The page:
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End of the World Blues review

All things must pass? But the future still looks bright for Brit SF.

362 PAGES · £12.99

Author: John Courtenay Grimwood

Publisher:
Gollancz

ISBN:
0-575-07616-X

Rating: 5/5

The new wave of Brit SF is dead. Don’t worry, it’s to be expected and the patient doesn’t need resuscitating. Every self-respecting movement defines itself and then burns out. So it is that what John Meaney called “an explosion of dark energy” has dissipated, its main players heading in their own directions.

Which may be the point at which things get really interesting. For a musical analogy, think of Public Image Ltd’s debut single, “Public Image”: Keith Levene’s fractured guitar lines a challenge to punk’s three-chord certainties and John Lydon howling his derision at anyone who thought they’d got him pinned down.

Now look at some of the SF New Wave’s main players. Justina Robson has swapped introversion for fun; China Miéville, having honed his nouveau gothic with the extraordinary imagery of The Iron Council, is apparently working on a young adult novel; Al Reynolds’s experiments with the space opera suggest impatience with the form itself… The list goes on, a roll-call of writers all, in different ways, rejecting our expectations of them.

To that list, add Jon Courtenay Grimwood. Think of Grimwood and you think of a writer able to sheen and polish his writing – at times arguably to the detriment of his storytelling, because his ideas and trickery can be so dazzling. But what might happen if he were to swap technically brilliant plot-driven cleverness for a deeper examination of his characters? Having hinted at such an evolution with Stamping Butterflies and 9Tail Fox, that may just be what he’s done with End of the World Blues.

Which is not to say that Grimwood has suddenly become a kitchen sink chronicler of dour Northern towns. Far from it. Like its immediate predecessors, End of the World is an exotic brew of mythical far-future landscapes, noir and narratives that merge as Grimwood teases out the connections between different characters.

What’s especially striking, though, is that End of the World Blues frequently comes across like a debut novel. The key to this apparent contradiction lies with Grimwood’s protagonist, Kit Nouveau. A British Army veteran of the second Gulf War, deserter Kit has fetched up in Tokyo, where he runs a bar. He’s married to a genius potter, Yoshi, but she’s a woman caught up in her own art, and Kit’s having an affair with a high yakuza’s wife.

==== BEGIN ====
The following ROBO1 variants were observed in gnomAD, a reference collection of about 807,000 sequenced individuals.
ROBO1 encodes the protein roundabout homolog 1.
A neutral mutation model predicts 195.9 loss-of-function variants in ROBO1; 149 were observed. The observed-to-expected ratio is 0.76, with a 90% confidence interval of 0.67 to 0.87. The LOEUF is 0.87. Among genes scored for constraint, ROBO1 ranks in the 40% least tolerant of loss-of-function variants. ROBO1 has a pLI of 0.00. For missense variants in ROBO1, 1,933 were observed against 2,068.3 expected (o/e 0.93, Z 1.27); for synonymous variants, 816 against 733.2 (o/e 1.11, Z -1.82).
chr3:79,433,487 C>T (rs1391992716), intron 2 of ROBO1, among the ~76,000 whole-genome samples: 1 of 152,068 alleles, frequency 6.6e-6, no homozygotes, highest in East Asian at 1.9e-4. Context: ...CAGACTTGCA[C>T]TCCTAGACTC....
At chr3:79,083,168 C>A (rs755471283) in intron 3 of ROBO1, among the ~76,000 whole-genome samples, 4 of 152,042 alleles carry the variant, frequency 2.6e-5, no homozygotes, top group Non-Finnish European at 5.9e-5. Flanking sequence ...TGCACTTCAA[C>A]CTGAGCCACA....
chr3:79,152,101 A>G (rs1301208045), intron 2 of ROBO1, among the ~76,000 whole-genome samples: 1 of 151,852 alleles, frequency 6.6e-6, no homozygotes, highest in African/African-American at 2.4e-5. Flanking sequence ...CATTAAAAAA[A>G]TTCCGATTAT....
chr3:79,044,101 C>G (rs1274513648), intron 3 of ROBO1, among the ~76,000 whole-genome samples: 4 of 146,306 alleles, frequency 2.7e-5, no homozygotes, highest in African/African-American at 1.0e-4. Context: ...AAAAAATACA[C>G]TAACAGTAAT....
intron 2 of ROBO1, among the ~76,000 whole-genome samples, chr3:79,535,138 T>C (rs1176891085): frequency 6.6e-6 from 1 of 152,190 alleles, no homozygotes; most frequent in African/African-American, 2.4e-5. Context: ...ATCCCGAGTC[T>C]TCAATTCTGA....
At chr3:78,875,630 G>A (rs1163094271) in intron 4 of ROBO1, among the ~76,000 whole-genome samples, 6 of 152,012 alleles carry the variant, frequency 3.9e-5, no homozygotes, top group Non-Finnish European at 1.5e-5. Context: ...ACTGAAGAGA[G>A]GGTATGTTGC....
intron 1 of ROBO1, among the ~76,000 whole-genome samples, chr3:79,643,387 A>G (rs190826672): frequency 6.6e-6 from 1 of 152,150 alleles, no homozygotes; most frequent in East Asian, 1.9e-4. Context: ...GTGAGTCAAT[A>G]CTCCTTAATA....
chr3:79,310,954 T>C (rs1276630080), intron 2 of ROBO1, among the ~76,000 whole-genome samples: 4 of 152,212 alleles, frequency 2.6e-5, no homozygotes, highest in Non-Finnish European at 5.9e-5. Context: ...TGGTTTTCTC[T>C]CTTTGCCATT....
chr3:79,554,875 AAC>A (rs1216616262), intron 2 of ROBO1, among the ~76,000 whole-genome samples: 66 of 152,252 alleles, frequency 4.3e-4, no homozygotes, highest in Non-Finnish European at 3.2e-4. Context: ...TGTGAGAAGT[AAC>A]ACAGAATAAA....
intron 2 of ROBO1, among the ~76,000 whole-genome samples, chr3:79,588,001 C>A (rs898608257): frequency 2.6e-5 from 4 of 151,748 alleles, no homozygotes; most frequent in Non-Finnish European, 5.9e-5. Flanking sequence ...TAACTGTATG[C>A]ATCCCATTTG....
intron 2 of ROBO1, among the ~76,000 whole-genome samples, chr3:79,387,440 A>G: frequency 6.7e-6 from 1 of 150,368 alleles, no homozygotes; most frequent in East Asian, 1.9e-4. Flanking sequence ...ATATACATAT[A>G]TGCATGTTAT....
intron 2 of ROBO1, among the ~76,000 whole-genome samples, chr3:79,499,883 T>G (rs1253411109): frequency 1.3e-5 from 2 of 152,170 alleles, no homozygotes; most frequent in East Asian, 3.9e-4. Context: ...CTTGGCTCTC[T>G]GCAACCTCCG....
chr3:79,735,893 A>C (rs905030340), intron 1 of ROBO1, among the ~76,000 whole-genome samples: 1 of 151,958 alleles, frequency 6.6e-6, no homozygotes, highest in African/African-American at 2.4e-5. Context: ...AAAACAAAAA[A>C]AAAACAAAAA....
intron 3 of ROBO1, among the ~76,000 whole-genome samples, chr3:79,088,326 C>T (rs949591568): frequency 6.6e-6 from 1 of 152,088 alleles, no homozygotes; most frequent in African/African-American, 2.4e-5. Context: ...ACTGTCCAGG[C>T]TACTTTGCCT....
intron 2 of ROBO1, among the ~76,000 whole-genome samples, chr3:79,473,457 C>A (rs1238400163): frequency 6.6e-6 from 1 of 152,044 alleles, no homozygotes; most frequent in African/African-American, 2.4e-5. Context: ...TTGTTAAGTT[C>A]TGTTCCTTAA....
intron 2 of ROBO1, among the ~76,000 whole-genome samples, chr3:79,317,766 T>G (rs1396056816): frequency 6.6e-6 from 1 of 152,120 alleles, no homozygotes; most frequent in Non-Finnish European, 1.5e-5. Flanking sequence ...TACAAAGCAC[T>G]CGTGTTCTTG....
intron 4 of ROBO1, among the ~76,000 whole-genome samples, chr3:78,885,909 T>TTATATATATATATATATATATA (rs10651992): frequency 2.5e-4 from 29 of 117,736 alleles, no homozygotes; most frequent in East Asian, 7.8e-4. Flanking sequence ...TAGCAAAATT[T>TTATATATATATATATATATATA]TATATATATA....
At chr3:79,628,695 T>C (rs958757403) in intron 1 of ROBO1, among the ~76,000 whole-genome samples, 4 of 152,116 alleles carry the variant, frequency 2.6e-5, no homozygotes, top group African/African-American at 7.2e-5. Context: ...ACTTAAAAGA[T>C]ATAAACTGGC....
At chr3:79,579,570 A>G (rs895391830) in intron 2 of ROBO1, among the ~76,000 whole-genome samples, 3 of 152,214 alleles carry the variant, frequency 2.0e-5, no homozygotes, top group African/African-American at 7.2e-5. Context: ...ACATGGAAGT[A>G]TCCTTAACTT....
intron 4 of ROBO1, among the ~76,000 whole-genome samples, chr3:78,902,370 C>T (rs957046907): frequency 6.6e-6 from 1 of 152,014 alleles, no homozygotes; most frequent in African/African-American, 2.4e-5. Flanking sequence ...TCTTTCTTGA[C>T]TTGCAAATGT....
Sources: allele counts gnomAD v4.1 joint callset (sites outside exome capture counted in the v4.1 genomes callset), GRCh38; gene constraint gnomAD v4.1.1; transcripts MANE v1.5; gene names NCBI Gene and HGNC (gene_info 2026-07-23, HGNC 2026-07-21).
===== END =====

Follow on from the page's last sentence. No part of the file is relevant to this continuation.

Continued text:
This may be typical Grimwood territory, but the backstory isn’t, because, in debut novel style, we’re shown flashbacks to Kit’s troubled relationship with his first love, Mary. These passages have a particular melancholy, vivid quality that leads you to guess they’re likely to be partly autobiographical.

But Grimwood isn’t just looking backwards to adolescence. Much of the action here is driven by Nijie/Lady Neku, both a lost street urchin and a figure from a distant future – not that she can always remember her different identities, because Kit has taken some of her memories.

When we learn (on page one, no messing) that Nijie has stolen $15 million Grimwood’s plot is running, and he never skimps on the hardboiled dialogue, twists, turns, gangsters or über-violence. Quite right, too – novels are supposed to be entertaining – yet again End of The World Blues refuses to be simply an SF noir. In the midst of the fighting and fucking, it’s also a novel about parenting, as explored through Nijie and Kit’s friendship, and when Mary’s parents unexpectedly re-enter Kit’s life. It’s also a theme that artfully dovetails the flashback sequences, adding resonance.

The New Wave is dead, but don’t worry: its leading lights – and with his best novel to date, that certainly includes Jon Courtenay Grimwood – are in rude health.

Jonathan Wright

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